Back in London, someone is giving a party in Notting Hill Gate in one of those grand houses with yellow walls and carefully restored plaster ceilings which back on to a private communal garden-the kind of place that God would buy if he could afford it. I do not know a soul except the host, which neatly quashes the theory that living in London is like belonging to a club. I am sipping my champagne and looking around the room for a likely companion when I recognise one woman, the wife of a newspaper editor, but the last time we spoke my attempts at conversation were met with a look of amusement and terse, monosyllabic answers. Not her then.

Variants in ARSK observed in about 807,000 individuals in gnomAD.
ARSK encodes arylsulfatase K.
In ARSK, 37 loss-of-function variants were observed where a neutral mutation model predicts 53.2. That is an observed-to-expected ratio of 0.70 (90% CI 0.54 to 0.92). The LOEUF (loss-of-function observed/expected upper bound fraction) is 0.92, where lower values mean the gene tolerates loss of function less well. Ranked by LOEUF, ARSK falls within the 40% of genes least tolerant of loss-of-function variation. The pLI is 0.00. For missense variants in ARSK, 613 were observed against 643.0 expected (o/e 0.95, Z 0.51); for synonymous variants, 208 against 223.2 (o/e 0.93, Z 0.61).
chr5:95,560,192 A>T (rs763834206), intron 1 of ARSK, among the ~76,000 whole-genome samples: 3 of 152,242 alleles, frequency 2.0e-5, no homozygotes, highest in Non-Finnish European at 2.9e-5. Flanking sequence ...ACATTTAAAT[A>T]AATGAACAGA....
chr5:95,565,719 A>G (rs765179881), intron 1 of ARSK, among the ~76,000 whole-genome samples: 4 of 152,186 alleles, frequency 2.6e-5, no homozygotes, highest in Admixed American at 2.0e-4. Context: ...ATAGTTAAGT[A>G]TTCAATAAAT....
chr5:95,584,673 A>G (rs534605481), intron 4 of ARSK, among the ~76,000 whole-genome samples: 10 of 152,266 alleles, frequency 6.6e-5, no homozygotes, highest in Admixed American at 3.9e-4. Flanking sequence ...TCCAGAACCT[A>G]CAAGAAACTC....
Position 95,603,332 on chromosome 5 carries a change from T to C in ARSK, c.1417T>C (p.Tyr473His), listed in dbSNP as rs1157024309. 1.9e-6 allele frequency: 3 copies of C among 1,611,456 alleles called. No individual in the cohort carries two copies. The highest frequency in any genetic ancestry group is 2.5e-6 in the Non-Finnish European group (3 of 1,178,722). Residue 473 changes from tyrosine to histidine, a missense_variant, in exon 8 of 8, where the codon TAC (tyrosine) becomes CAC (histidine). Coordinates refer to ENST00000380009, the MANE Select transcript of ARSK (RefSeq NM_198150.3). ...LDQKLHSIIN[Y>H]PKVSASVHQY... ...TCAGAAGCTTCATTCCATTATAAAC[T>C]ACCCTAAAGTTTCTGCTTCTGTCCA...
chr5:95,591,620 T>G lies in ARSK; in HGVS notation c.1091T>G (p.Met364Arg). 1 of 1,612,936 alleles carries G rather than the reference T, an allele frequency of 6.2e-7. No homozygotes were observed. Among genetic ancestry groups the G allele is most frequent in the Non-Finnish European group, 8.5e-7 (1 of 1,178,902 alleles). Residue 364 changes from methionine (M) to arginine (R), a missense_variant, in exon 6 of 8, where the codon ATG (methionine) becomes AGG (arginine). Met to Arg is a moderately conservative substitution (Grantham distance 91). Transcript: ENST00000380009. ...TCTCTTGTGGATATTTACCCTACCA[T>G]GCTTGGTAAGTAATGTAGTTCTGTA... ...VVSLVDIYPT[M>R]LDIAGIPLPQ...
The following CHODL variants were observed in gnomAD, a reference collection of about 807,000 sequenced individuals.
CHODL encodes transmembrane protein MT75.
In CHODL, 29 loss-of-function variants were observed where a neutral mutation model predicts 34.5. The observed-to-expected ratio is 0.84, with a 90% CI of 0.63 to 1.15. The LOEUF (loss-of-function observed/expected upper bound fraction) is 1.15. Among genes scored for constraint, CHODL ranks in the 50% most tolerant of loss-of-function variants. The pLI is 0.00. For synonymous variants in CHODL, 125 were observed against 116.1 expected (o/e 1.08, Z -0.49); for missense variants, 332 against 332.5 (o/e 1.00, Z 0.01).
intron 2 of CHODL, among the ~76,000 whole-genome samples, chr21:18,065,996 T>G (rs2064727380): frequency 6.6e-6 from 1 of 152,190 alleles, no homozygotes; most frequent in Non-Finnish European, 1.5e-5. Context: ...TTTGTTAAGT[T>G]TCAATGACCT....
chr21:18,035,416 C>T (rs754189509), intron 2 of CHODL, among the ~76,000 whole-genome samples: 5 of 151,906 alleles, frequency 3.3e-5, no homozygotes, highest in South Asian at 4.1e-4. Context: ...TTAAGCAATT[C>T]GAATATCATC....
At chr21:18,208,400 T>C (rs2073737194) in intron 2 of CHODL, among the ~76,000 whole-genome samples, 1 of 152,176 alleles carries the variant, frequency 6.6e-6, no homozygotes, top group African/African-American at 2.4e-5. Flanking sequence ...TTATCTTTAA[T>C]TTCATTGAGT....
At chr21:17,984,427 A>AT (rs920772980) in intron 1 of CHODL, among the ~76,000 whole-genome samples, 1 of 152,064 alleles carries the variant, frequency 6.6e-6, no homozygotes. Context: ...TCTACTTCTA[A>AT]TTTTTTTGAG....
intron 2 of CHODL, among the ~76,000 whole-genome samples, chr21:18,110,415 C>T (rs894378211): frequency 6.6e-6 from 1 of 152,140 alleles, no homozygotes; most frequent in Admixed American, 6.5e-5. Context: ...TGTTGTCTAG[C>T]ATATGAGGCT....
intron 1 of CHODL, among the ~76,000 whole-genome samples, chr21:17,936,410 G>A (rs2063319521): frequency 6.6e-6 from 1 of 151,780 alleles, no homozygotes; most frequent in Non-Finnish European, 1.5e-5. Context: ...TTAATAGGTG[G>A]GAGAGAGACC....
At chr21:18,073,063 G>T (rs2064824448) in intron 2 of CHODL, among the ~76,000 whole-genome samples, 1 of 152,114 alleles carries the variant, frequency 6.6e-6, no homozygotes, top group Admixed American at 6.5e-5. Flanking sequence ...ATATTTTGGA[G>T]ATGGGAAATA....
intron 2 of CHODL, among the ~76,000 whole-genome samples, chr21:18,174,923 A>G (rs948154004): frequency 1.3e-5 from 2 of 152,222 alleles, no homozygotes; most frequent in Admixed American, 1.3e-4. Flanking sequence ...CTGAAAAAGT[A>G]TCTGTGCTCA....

Instead there is another wallflower, a woman who has recently moved up to Scotland (to save on school fees naturally) and we bond over a Silk Cut and second glass of champagne. Surprisingly we are soon joined by Mrs Supercilious Editor’s Wife. She is about 50, with faded blonde hair, dressed in a dull navy blue skirt and blouse. Pearls. Crooked teeth.
“Actually, we’ve already met,” I say as I shake her flaccid hand, “I don’t know if you remember but…”
“Why of course I remember you,” she interrupts, her voice a soft, expensively educated murmur. “How could I forget that accent?” She laughs.
I laugh with her, but actually, it’s not all that bloody funny. “How are things in Scotland then?” she asks my companion. “Do your children manage to understand a word anyone says up there?”
At this point I remember my schooling, think about grinding my champagne glass into her face, but instead I walk away. And as I look around me, I wonder what on earth I am doing in this place, still trying to fit in. My heart may not be in the highlands, but it sure as hell is not here either.